BREAKING NEWS: A Florida Man Has Been Arrested By The FBI For Making Death Threats Against Rep. Boebert On Twitter

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Last year, federal officials accused a 38-year-old Florida man of making threats on social media against Colorado Rep. Lauren Boebert. Matthew Lee Comiskey’s case was unsealed on Friday, a week after a grand jury in the Southern District of Florida handed down a five-count indictment.

Now that Comiskey has been arrested, the government has requested that the case materials be opened. He was not given a specific date of his arrest. Rep. Lauren Boebert, a Colorado Republican, talks at a panel discussion at the Conservative Political Action Conference (CPAC) on February 27, 2021, in Orlando, Florida, United States.

Five charges of Interstate Threats have been filed against Comiskey. Comiskey may face between two and twenty years in jail for each crime, according to an online source of punishments for US law codes. In the indictment, Comiskey is charged with sending five messages on Twitter:

  • Aug. 31, 2021: “lf I ever saw Lauren I’d be glad to take her out and go to prison. Would be job well done.”
  • Sept. 8, 2021: “Don’t worry Lauren, someone is coming soon to show your face the 2nd amendment in practice with a copper jacket. Enjoy.”
  • Sept. 15, 2021: “Someone needs to put Lauren down like a sick dog. She is a true waste of life! Someone exercise their 2nd amendment right to her face! Since the @CIA is a failure and @FBI is incompetent at charging her for being a terrorist it’s time to do it ourselves! Pew pew Laurren.”
  • Sept. 17, 2021: “I got my 2nd amendment tool all ready to destroy Laurren’s face! Hopefully in front of her kids.”
  • Sept. 17, 2021: “Don’t come to Florida us libs have big guns here and we stand out (sic) ground. Take you down like Trayvon.”

According to statistics, police complaints regarding suspected crimes connected to the use of Facebook and Twitter have climbed by 780 percent in four years, with roughly 650 persons prosecuted last year.

According to information supplied under the Freedom of Information Act by 29 police forces in 2008, the phenomena of social networking crime was very tiny, with 556 reports to police. There were 4,908 reports this year in which the two sites played a role.

This tweeting has occurred not only within American borders but also in a number of other democratic countries across the Atlantic, including one of our allies, the United Kingdom. Threatening tweets with the potential to inflict physical harm, such as death threats, have also increased in the United Kingdom.

The findings, according to Chief Constable Andy Trotter of the Association of Chief Police Officers, reveal a new issue. It was critical, he argued, that law enforcement prioritized social networking offenses that caused real harm rather than aiming to stifle freedom of expression.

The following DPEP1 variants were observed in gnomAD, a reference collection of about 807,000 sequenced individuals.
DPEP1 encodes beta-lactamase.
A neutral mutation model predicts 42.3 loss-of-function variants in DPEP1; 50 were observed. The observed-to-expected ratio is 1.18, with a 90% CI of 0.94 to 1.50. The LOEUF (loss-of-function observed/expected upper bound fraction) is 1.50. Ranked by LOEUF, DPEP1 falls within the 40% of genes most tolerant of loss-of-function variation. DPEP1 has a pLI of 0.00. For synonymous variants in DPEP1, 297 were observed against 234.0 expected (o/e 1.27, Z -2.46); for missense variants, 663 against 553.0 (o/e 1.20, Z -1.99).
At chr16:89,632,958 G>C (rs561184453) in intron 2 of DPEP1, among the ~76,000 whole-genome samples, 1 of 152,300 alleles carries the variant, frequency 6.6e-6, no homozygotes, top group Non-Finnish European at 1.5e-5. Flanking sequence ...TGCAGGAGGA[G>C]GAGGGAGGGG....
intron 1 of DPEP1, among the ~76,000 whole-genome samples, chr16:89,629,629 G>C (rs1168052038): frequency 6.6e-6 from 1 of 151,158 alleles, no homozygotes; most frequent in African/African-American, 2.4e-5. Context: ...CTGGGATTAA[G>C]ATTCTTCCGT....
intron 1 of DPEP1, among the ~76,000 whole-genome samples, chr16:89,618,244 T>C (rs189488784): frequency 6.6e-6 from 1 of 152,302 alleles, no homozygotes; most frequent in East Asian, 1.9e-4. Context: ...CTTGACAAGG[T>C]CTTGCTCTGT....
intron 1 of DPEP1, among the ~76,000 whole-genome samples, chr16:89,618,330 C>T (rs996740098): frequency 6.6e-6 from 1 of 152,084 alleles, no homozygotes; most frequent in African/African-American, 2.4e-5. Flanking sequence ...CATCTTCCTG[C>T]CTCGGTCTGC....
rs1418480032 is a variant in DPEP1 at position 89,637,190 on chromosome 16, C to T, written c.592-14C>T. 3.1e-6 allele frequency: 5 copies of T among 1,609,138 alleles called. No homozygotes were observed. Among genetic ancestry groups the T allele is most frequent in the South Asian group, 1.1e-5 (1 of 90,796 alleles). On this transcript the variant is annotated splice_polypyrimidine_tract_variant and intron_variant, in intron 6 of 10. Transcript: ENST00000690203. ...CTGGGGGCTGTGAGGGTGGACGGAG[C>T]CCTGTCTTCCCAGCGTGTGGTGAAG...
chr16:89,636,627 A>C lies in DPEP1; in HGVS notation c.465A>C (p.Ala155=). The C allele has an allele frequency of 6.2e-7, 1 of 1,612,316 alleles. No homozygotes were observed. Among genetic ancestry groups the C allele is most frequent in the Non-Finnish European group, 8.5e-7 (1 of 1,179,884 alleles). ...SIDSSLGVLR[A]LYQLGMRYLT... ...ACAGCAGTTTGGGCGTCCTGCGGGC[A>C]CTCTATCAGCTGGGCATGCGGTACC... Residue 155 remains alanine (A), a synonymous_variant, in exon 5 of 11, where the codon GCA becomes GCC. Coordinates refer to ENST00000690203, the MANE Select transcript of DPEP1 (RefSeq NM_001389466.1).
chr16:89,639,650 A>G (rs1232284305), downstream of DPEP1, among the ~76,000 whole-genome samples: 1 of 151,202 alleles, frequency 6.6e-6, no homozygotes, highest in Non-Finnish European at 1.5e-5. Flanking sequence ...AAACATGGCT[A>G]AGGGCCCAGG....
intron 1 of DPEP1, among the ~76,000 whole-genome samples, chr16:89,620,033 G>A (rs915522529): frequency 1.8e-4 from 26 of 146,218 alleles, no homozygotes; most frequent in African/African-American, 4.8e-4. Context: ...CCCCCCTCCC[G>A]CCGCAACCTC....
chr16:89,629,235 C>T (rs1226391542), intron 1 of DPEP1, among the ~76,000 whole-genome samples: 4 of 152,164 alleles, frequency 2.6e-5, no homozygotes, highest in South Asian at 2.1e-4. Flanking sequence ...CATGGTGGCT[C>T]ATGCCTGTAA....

“It’s a new world for everyone, and we could wind up in a position where each police force needs its own Twitter team.” That, in my opinion, would not be a wise use of resources in these difficult economic times. We must understand that individuals have the right to communicate, even if it is in an annoying or disagreeable manner, and that the police have no inclination to intervene in that judgment.

“However, there are numerous social media offenses that inflict real injury, such as harassment or serious threats of violence. Forces must focus on the upper end of the criminal spectrum.”

Police departments were requested to record the number of crimes in which Facebook or Twitter played a role. This covered suspected offenses performed on the sites, such as sending abusive messages, as well as offenses allegedly prompted by posts, such as violent attacks.

According to the forces that reacted, a total of 653 persons faced criminal charges as a result of the claims this year. In 2008, 46 persons were charged with crimes related to the sites across the whole force. Some police departments gave a thorough breakdown of crime records, revealing a wide range of claimed offenses, including harassing and threatening texts.

This year, Tayside police received 66 reports about the sites, 44 of which contained obscene or menacing statements. Harassment was reported in 21 of the 76 relevant crime reports in Merseyside this year. Six murder threats were reported to Lancashire police.

Numerous alleged sexual offenses, including grooming, as well as stalking, racially aggravated behavior, and fraud, were also reported. According to Trotter, crimes may be classified into two categories: those perpetrated before the advent of social media, but in a different method, and those committed as a result of the online platform.

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